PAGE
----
WHAT A A CONSULATE CAN AND CANNOT DO FOR YOU?
POWER OF ATTORNEY
TRANSPORT OF ASHES
CONSULATES IN DENMARK, NORWAY AND FAROE ISLANDS
ISSUANCE OF A POWER OF ATTORNEY
If you need to extend a power of attorney to someone in Uruguay, there are two valid alternatives to sign it from abroad.
The first alternative consists of signing the power of attorney before a Public Notary and then legalize it. The format of the power of attorney is obtained through a Public Notary in Uruguay, who knows what the document should say in order to be valid in Uruguay.
You can also choose to write your own letter of authorization or ask at the Institution where the power of attorney is to be used, about the necessary format for that purpose.
The power of attorney should be signed before a Public Notary, who testifies that the signature is authentic. For this, the person who is signing the document should present a valid identification document. The notary will not revise the content of the power of attorney and therefore it is not a problem if the text is written in Spanish.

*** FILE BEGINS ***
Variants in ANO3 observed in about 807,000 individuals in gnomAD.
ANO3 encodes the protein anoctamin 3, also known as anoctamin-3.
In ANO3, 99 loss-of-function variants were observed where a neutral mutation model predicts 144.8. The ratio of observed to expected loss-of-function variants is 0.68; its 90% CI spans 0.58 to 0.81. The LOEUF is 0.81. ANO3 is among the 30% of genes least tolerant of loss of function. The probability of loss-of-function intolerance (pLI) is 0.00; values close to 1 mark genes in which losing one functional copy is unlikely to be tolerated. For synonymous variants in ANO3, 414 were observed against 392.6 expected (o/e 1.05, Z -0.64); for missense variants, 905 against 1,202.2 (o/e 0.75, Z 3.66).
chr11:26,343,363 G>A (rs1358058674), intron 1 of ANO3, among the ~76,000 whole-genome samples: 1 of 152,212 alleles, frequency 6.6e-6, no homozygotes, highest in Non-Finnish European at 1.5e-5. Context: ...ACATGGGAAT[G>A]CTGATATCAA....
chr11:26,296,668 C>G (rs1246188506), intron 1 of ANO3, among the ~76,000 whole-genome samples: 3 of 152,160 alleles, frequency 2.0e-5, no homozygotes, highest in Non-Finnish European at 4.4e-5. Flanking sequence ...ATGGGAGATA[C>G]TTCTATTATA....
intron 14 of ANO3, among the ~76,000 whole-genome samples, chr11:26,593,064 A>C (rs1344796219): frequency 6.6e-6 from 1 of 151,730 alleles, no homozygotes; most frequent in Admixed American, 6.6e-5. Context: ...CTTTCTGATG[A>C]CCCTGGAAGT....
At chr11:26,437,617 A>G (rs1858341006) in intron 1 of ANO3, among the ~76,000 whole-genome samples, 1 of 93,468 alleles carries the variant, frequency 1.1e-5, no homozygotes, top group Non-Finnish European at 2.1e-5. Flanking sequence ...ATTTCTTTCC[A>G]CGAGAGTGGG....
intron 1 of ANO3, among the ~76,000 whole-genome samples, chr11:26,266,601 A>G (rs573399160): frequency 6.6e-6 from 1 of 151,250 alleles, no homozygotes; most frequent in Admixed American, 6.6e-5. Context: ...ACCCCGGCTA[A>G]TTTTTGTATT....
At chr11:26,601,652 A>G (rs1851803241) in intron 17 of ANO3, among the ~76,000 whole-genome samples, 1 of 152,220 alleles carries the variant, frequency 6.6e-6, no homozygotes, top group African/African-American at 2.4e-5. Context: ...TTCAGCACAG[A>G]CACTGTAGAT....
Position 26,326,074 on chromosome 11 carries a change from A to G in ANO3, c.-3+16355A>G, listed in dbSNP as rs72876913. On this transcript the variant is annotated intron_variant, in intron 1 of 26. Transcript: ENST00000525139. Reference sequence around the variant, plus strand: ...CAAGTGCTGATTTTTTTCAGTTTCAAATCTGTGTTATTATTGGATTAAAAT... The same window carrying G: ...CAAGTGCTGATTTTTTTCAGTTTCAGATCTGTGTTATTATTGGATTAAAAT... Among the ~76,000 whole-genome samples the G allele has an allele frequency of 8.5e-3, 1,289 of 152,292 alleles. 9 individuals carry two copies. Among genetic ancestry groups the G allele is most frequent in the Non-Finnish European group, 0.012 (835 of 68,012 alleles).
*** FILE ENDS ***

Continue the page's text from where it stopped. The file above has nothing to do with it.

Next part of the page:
Once the power of attorney has been signed it should be legalized in order to have legal validity in Uruguay. The legalization procedure consists of stamping the document with the Hague Apostille stamp, which is done by the competent authority in the country where the document was signed. Once the power of attorney has been sent to Uruguay, it should be protocolized by a Uruguayan Public Notary.
The second alternative is to sign a power of attorney at the Consulate in Stockholm. The Consulate has different formats of powers of attorney that are all very general in their conditions. In order to proceed to sign a power of attorney, you should contact the Consulate in advance to book an appointment and present yourself with a valid identification document, as well as personal information regarding civil status, address and nationality; both of yourself as of the person receiving the power of attorney in Uruguay.
Once the power of attorney has been sent to Uruguay, it should first be legalized at the Centre for Attention to Citizens (Centro de Atención Ciudadana) and then protocolized by a Uruguayan Public Notary.